Many complain that the Fed is extremely loose right now. While not a fan of 1% interest rates per se, based on the above chart I disagree. The chart shows CS-CPI is close to zero with the Fed Funds rate at 1%. Furthermore, I expect the CPI (not just the CS-CPI) to crash given what is happening with energy and transportation prices.
Notes From “TC”
1. The “relative importance” or weight of OER has changed over time – it was 19.10 in 1987 and is now 23.942. I’ve included the yearly weight within the data.
2. The Case-Shiller National Index is only released quarterly and the 20 city composites represent sales are a couple months old while the CPI reflects the previous month.
Do home prices belong in the basket?
I have had many people over past year tell me they do not care about home prices because they rent, or tell me that do not care about home prices because they own their home outright, or tell me they do not care about home prices because their house is a long term investment.
People may not care (or more realistically they may think they do not care), but the treasury market sure cares about something, and the most likely something is the destruction of wealth in housing along with the ramifications the housing market has on bank credit, corporate earnings, consumer attitudes, etc.
It’s true that a person does not buy a home every week but that same person does buy food and gasoline every week. However, that does not make the price decline any less real. More importantly, it is naive to think treasuries should ignore the ongoing destruction of wealth in housing and the bank writeoffs that bust is causing.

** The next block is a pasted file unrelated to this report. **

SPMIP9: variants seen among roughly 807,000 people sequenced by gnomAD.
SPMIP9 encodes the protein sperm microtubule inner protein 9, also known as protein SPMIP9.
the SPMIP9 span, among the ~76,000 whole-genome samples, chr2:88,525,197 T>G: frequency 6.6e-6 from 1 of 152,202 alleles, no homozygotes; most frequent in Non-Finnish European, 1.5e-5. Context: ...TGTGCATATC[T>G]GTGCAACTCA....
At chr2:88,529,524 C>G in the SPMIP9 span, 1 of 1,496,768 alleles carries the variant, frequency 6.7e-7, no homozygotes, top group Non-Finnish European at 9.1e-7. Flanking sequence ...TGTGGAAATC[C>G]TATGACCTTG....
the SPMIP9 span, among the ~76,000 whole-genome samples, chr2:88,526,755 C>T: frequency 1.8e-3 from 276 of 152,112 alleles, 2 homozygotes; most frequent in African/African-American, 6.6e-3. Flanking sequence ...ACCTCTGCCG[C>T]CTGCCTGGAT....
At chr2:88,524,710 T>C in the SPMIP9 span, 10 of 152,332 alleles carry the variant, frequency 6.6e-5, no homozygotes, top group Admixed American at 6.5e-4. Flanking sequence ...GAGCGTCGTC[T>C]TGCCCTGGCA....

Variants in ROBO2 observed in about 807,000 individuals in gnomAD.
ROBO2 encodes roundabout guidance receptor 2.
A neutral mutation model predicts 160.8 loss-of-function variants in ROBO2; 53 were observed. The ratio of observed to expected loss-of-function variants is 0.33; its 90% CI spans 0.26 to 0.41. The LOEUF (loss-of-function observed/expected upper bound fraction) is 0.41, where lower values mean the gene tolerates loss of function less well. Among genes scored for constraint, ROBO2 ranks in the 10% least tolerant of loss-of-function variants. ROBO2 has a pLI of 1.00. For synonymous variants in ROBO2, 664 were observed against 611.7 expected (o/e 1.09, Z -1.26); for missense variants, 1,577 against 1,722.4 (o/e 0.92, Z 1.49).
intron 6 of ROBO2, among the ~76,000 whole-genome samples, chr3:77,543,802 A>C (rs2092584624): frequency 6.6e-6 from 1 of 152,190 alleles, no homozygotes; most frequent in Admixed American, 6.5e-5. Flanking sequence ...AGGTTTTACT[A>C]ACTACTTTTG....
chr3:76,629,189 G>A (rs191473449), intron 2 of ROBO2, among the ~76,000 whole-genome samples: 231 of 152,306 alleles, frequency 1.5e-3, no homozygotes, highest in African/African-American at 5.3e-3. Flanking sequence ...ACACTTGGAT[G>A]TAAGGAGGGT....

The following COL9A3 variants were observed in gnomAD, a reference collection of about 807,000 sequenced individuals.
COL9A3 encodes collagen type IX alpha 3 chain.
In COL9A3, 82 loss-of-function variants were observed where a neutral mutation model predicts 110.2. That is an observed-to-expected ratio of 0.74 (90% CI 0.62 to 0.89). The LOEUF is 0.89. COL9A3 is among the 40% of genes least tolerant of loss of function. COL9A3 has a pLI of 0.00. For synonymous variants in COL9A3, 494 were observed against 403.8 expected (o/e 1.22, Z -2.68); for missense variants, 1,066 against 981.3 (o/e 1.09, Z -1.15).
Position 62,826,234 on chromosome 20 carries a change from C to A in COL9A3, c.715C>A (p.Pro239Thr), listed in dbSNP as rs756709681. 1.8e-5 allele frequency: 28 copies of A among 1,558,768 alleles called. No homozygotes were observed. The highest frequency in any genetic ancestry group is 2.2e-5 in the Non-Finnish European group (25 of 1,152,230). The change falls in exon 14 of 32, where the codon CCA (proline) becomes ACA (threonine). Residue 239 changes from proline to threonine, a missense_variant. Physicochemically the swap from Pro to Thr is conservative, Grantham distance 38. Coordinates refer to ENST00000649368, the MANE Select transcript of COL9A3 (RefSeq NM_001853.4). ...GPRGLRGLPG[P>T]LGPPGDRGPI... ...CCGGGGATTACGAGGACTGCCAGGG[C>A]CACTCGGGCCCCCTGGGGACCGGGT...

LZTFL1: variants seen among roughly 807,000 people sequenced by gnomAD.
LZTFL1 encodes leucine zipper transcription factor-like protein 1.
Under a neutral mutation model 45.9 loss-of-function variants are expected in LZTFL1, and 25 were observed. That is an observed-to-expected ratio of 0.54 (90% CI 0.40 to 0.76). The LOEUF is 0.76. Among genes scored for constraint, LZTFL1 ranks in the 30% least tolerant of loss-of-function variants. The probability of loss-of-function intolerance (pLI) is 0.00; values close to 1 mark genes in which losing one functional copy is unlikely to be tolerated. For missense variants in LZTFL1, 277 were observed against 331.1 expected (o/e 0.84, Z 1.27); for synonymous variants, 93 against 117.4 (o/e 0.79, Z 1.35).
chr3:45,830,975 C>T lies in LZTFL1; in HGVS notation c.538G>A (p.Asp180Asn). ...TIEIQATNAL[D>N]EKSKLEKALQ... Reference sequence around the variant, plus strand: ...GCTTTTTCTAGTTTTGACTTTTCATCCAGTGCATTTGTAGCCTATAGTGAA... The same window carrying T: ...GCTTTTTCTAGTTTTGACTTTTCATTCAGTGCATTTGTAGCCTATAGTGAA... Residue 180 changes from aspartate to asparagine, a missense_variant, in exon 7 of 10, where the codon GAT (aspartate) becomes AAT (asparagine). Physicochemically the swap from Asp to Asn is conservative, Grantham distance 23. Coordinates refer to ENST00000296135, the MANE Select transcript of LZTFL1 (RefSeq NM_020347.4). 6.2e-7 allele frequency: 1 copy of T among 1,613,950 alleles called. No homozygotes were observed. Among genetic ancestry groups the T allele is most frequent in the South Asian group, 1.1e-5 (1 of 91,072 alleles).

Let’s look at this from a practical standpoint. What’s more important, home prices dropping $50,000 to $250,000 in value over the course of a few years or the price of gasoline going from $2.00 a gallon to $4.00 a gallon over the course of those same few years?
From a macro-economic standpoint, the correct answer to the above question is housing even though consumers were constantly griping about gasoline prices until the recent selloff. The easily seen is gasoline price hikes because people buy it every week. Practically speaking, the destruction of housing wealth matters far more. Here is the question to ask: How many tanks of gas will it take to equal the loss of $50,000 on a house?
On this basis, the so-called “irrational behavior” of the long bond specifically, and the entire treasury curve in general, does not seem so irrational.
Is there Justification For This Methodology?
For the record, I do not think it is possible to easily define and measure the prices of a representative basket of goods and services. However, CS-CPI makes more sense than the widely used CPI basket. It at least explains the so-called “irrational bond market” and also “Greenspan’s Conundrum”. I argue the treasury market could see the deflationary credit bust coming that Greenspan helped create.
Thus while one can dismiss the theory, I counter that it explains what happened in practice, and that is what matters. From a practical standpoint alone, housing is a consumption item requiring continual maintenance, not a bond one can hold to maturity and forget about. Also from a practical standpoint, CS-CPI properly accounts for home ownership instead of attempting to figure out how much rent one would pay renting a house from oneself.
Finally, the CS-CPI clearly show that the Fed overshot in both directions by misinterpreting or just plain ignoring the data that it had. This is further proof that it is time to abolish the Fed and let the market set rates.
Mike “Mish” Shedlock